Everyone loves cookies, right?
They're sweet, come in all kinds of amazing flavors, and when they are fresh out of the oven, taste like pure heaven. Fresh-baked cookies can melt all our stress away. But consuming too many cookies is bad for our health.
Well, cookies from the Web are kind of the same way.
They can be good or bad, depending on the situation. Good in the sense that when we are shopping online, they keep track of what's in our cart so that we have a pleasant experience, just like a warm delicious sugar cookie! Bad in the sense that they can track what we do online, invading our privacy, which just leaves an awful taste in our mouth, like burnt peanut butter.
It's just a small text file.
All a cookie is, is a small text file that downloads to your computer when you visit certain web sites. They fall into two categories, non-persistent (session) and persistent (permanent), which I explain in the paragraphs below. (There are also many subcategories.) Each web browser you use has its own cookie repository, sort of like a "cookie jar." The site that places the cookie on your computer is supposed to be the only site that can read the cookie, but there are ways around that (see the video below). Contrary to some popular beliefs, cookies do not install software on your computer or contain images.
Non-persistent cookies don't stick to the pan, because they're stored in RAM.
Non-persistent or session cookies exist during an authenticated "session" and then delete after you log out. These are the cookies Amazon uses to maintain your shopping cart and what your bank uses to allow you to conduct banking activities online. Again, they are only present during an authenticated session, which means that they generate when you login and delete when you logout. They are stored in RAM, not on your hard drive.
Persistent cookies are stored on the hard drive.
Persistent or permanent cookies do exactly what their name says: They hang around and "persist" on your computer's hard drive. In some cases, this can be very convenient. For example, a persistent cookie is what allows Amazon to recognize you and greet you by name when you revisit their site. However, this is also the type of cookie that advertisers deposit on your computer, opening the door to invading your privacy by tracking what you do on the Web and selling your information, which can result in creepy ads, junk mail, and unwanted telemarketing calls.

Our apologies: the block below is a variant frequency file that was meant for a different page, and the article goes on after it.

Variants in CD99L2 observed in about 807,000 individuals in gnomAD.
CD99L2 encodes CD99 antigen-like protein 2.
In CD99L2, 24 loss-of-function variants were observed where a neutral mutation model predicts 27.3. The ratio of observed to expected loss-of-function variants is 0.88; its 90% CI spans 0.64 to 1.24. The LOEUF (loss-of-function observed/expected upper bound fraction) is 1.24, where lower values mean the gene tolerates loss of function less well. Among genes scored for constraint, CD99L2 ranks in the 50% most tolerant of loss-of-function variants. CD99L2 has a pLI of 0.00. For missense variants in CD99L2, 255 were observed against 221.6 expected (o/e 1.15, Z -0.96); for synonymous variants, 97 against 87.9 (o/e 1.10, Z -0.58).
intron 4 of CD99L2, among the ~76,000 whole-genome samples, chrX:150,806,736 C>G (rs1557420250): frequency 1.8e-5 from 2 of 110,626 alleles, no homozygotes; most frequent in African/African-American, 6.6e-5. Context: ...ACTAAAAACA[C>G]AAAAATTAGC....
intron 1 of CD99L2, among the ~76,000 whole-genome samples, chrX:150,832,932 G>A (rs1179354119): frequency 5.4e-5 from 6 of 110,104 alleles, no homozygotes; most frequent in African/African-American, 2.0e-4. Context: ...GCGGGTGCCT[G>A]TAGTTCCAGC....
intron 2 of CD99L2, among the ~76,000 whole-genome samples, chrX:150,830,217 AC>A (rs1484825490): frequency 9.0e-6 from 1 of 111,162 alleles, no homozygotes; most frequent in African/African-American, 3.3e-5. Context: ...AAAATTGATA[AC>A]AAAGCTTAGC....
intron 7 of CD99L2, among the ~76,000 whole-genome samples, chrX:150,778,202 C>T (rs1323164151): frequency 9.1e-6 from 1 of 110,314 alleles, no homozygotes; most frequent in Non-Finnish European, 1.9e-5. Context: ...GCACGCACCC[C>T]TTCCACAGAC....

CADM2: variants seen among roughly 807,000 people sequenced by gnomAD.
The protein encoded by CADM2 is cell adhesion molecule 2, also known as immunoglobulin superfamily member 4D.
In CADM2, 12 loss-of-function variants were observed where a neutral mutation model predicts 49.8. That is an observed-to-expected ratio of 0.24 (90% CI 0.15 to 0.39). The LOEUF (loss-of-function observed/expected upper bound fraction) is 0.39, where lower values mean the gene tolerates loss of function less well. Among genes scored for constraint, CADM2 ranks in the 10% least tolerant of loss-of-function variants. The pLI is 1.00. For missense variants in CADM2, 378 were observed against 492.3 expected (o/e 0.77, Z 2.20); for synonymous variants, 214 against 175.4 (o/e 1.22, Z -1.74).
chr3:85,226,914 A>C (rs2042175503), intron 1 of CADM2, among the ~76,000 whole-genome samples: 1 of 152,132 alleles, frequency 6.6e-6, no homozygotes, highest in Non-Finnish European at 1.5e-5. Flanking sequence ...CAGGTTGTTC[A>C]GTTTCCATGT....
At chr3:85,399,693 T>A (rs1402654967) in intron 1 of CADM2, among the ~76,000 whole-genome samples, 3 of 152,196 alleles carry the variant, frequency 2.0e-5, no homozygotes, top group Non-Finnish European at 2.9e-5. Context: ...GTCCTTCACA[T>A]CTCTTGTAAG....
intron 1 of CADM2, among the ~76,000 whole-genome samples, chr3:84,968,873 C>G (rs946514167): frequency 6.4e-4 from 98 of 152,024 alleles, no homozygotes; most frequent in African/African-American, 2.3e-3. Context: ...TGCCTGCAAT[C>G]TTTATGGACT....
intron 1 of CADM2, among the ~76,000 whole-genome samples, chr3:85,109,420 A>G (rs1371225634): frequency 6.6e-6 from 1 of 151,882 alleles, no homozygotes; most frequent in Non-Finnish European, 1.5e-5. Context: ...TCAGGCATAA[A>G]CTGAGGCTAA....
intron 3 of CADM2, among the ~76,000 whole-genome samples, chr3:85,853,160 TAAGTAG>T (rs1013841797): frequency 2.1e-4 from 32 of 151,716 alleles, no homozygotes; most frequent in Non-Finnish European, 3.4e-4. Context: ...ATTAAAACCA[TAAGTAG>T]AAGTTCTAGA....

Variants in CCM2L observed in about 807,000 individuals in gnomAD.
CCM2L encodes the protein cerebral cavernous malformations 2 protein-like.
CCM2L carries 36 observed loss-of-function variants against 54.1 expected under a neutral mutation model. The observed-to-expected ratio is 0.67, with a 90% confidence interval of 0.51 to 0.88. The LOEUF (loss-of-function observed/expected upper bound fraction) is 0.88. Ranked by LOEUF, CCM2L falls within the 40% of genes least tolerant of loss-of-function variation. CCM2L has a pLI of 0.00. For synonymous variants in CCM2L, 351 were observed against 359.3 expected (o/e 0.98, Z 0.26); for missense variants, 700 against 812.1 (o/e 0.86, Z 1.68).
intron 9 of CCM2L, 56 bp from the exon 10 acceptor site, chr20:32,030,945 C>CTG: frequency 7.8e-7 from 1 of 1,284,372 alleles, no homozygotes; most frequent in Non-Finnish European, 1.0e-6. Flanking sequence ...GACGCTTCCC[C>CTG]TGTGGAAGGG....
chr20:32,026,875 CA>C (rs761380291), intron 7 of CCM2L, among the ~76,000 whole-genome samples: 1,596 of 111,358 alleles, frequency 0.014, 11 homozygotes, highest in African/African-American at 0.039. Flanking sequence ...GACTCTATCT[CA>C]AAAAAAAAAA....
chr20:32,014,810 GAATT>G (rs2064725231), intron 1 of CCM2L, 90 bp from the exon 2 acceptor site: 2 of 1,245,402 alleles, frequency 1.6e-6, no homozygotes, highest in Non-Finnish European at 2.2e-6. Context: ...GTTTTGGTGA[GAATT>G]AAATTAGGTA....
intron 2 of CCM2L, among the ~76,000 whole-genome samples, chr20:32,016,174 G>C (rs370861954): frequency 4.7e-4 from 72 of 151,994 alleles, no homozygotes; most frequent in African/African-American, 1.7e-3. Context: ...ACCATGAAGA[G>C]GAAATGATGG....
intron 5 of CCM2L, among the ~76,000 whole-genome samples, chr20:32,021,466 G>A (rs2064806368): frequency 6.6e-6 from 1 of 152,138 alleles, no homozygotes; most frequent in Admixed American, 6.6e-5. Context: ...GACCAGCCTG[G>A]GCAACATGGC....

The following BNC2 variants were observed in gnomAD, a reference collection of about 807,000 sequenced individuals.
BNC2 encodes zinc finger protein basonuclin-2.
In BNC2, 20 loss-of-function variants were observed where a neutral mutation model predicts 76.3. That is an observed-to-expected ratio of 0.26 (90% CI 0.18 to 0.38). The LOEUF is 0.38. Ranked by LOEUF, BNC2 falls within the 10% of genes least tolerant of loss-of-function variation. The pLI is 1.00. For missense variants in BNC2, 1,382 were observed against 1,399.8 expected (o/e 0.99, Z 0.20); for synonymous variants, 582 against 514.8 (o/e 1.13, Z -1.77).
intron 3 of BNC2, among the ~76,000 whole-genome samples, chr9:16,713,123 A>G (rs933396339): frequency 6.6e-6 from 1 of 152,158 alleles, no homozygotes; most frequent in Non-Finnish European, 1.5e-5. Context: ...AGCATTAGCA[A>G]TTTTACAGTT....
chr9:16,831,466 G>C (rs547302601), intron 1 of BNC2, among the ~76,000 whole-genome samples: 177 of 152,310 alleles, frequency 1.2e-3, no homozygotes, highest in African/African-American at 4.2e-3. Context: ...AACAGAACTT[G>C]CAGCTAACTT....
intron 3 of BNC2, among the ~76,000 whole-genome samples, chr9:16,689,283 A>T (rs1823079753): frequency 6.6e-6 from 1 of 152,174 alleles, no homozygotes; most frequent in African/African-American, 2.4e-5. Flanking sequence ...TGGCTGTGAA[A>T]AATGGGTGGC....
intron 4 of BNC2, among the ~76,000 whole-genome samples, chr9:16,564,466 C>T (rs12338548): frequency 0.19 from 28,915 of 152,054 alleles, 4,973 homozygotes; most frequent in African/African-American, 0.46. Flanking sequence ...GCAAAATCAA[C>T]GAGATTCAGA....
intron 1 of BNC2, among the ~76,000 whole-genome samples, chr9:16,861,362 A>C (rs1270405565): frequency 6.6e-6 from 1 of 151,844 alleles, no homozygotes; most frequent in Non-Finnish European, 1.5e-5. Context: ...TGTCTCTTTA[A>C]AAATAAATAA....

Is one better than the other?
While non-persistent (session) cookies seem to be the blue-ribbon winner at the state fair, and persistent (permanent) cookies a whole box of stale wafers, keep in mind that they both have their pros and cons. For session cookies, if an authenticated session is not secure, then an attacker can hijack your session, using information from the cookie. For permanent cookies, even though they are responsible for a lot of annoying ads, some are needed to allow web sites to provide the correct experience for the user, such as when a user needs to read a site in a different language. Another thing that can happen is that a cookie can contain sensitive information (such as your username and password) that the web site providing the cookie (for example, your bank) did not encrypt. In this case, an attacker can find it and use it to do some very bad things.
To learn more about tracking cookies, check out this video by Simply Explained - Savjee:
Another way to think about persistent cookies is like this:
You are at your town's monthly outdoor market searching for a really good red velvet cookie.
Your shopping bag is transparent.
The first booth you visit is Olga's Organic Bakery. She sells cookies made with almond flour and stevia. You fool yourself into thinking you can go low carb, so you decide to buy a box and put it into your bag.
Then you visit Sally's Sugar Shack, who makes decadent cookies with real butter and white sugar. All your low-carb ideas go out the window, but only a little bit, as you ask for a sample and move on.
So, you're just a-nibblin' and a-walkin', making your way over to Regina's Royal Biscuit and Tea booth.
Regina, astute business woman that she is, sees in your hand, a half-eaten red velvet cookie, and in your bag, a whole box! And she even knows where you got them from!
Well, it just so happens that Ms. Regina has her own red velvet cookies, which she rather obnoxiously places prominently on the table, directly in front of you, as she attempts to make a sale.
Well, this is how persistent cookies work. They allow companies to see your browsing activity and shopping preferences, which they then use to try to sell products to you through ads, sometimes rather aggressively.
To take it a step further, if you want to see what information a web server can collect about you, then visit MyBrowserInfo.com. The site will immediately show you some salient details, so be sure to click See Detailed Location and Browser Information, and then let us know what you think!
If you would like to know more about cookies …
Or need an assessment of your online security and browser settings, then contact us today!